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Parents of Las Vegas girl killed in accidental shooting announce National SAFE Day

For Brooklynn Mohler’s 19-year-old brother, stepping inside the Las Vegas trauma center where his sister died after an accidental shooting brought back painful memories.

“I saw my dad hold my sister and I collapsed right in that corner. This is the first time I’ve been back since that day and I still remember it picture clear,” Jacob Mohler said.

He and his parents, Jacob and Darchel Mohler of Henderson, returned to the University Medical Center’s trauma unit Saturday morning for a meaningful reason — the first National SAFE Day in Brooklynn’s name.

Thirteen-year-old Brooklynn was accidentally shot in the back June 4, 2013, by her best friend, who was showing her an unsecured gun kept in a kitchen cabinet. It was the last day of classes at Neal Elementary School, and she was waiting at her friend’s house to be picked up by her father, according to previous reports.

“It is a bittersweet morning,” Darchel Mohler said, adding she hopes to turn “the worst day of her life” into something positive.

Earlier, she accepted a proclamation from the National Day Calendar announcing the first National SAFE Day and explained its goals to a crowd of about 50 state, city and other officials gathered at the center. Las Vegas Mayor Carolyn Goodman has also issued a proclamation for SAFE Day in Las Vegas to be held every June 4.

“We can co-exist with guns and exercise our Second Amendment rights but it comes with great responsibility. It begins with adults, we have to hold each other accountable,” she said in a breaking voice. “Let this day June 4, 2016, be a national reminder to always be SAFE.”

The campaign’s acronym refers to encouraging parents and others to follow the SAFE guidelines:

Secure all firearms.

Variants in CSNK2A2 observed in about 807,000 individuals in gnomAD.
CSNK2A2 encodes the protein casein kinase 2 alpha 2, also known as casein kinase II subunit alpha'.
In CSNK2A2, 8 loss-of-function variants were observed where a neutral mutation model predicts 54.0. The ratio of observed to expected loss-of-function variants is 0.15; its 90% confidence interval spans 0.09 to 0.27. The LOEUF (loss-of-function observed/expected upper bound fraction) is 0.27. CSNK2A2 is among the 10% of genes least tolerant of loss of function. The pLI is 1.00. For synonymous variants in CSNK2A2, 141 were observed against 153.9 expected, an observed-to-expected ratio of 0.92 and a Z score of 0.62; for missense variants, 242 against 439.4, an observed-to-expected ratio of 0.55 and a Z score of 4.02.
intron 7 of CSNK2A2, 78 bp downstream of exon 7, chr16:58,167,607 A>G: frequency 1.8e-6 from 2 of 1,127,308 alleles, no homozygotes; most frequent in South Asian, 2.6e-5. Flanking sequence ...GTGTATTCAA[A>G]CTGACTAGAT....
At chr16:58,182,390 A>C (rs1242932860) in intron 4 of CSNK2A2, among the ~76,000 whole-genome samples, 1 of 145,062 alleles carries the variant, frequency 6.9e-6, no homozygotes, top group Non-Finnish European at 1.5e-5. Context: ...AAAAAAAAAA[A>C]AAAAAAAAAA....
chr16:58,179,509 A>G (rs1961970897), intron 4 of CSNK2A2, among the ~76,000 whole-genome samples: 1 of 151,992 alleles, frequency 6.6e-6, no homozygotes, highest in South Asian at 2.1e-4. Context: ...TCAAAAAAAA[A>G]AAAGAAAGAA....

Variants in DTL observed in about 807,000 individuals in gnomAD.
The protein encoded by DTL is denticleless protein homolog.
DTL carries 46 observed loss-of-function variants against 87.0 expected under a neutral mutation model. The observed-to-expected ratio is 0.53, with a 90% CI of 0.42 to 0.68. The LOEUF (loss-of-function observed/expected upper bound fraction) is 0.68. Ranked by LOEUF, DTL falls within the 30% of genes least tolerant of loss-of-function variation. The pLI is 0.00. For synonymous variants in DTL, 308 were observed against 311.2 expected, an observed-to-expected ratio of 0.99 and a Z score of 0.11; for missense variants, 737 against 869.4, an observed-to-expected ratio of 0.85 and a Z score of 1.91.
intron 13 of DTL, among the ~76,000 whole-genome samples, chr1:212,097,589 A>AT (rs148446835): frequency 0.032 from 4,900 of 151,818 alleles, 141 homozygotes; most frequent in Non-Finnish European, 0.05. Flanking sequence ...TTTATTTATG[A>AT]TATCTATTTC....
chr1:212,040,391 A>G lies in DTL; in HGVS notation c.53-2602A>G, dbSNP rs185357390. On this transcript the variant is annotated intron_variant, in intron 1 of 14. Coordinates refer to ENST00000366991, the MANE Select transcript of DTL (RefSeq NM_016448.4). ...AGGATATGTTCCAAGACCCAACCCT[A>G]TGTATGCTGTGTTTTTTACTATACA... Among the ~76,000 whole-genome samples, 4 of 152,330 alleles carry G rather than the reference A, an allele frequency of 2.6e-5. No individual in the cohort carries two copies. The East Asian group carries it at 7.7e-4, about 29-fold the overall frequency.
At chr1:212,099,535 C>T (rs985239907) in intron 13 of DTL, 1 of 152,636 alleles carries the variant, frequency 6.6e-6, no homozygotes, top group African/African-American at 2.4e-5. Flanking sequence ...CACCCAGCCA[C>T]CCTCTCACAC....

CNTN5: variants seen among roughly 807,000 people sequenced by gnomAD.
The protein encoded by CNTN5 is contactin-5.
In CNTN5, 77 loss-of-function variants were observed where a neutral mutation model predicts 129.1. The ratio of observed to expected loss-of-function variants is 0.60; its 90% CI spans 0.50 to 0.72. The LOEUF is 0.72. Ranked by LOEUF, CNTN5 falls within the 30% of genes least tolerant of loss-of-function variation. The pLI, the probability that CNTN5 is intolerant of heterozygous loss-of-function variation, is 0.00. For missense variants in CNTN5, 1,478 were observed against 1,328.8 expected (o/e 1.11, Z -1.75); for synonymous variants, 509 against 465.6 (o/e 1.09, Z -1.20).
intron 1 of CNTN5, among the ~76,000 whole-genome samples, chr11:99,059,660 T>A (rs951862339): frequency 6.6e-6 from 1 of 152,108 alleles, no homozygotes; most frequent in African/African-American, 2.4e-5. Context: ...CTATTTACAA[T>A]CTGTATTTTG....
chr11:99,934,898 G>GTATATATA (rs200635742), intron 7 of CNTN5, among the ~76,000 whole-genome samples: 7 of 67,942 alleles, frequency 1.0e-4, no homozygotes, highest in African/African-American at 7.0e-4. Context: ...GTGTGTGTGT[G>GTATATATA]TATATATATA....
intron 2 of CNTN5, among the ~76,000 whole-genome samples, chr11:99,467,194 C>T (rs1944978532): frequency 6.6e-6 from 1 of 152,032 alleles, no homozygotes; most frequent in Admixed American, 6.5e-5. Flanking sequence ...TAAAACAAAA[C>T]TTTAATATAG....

Ask the question about unsecured firearms in the homes your child visits.

Frequently talk to your children about the dangers of firearms.

Educate and empower others to be SAFE.

The Mohler family had earlier established The Brooklynn Mae Mohler Foundation and has annually held a 5K run and other events to raise gun safety awareness.

Brooklynn hated guns because she was an animal lover and associated them with animal killing, her father said. She had been educated to stay away from firearms, which is why the bullet entered her back as she walked away from it, he added.

Firearm advocate associations have programs, such as the BE AWARE program, that focus on safe gun handling and storage.

When asked if the family would ever consider partnering with firearm advocate associations, he said, “We have tried to speak with several organizations, NRA included, multiple emails, multiple phone calls, and they don’t want to talk to us.”

Though a background check would have not prevented their daughter’s death, the Mohlers support Question 1, a measure on the Nov. 8 ballot. If passed, the measure would require firearm transfers to go through a licensed gun dealer. Certain transfers, including temporary transfers and those between immediate family members, would be exempted

He said he is not opposed to recreational shooting and used to be an avid target shooter. “I used to load my ownwwammunition and I just don’t do any of that anymore. I still have my firearms in the safe, but it’s lost its allure for me.”

The need for quick access should never rise above the need to keep children safe, he said.

Contact Tatiana Villamil at lvillamil@reviewjournal.com or 702-383-0264. Find @tatianavr92 on Twitter.

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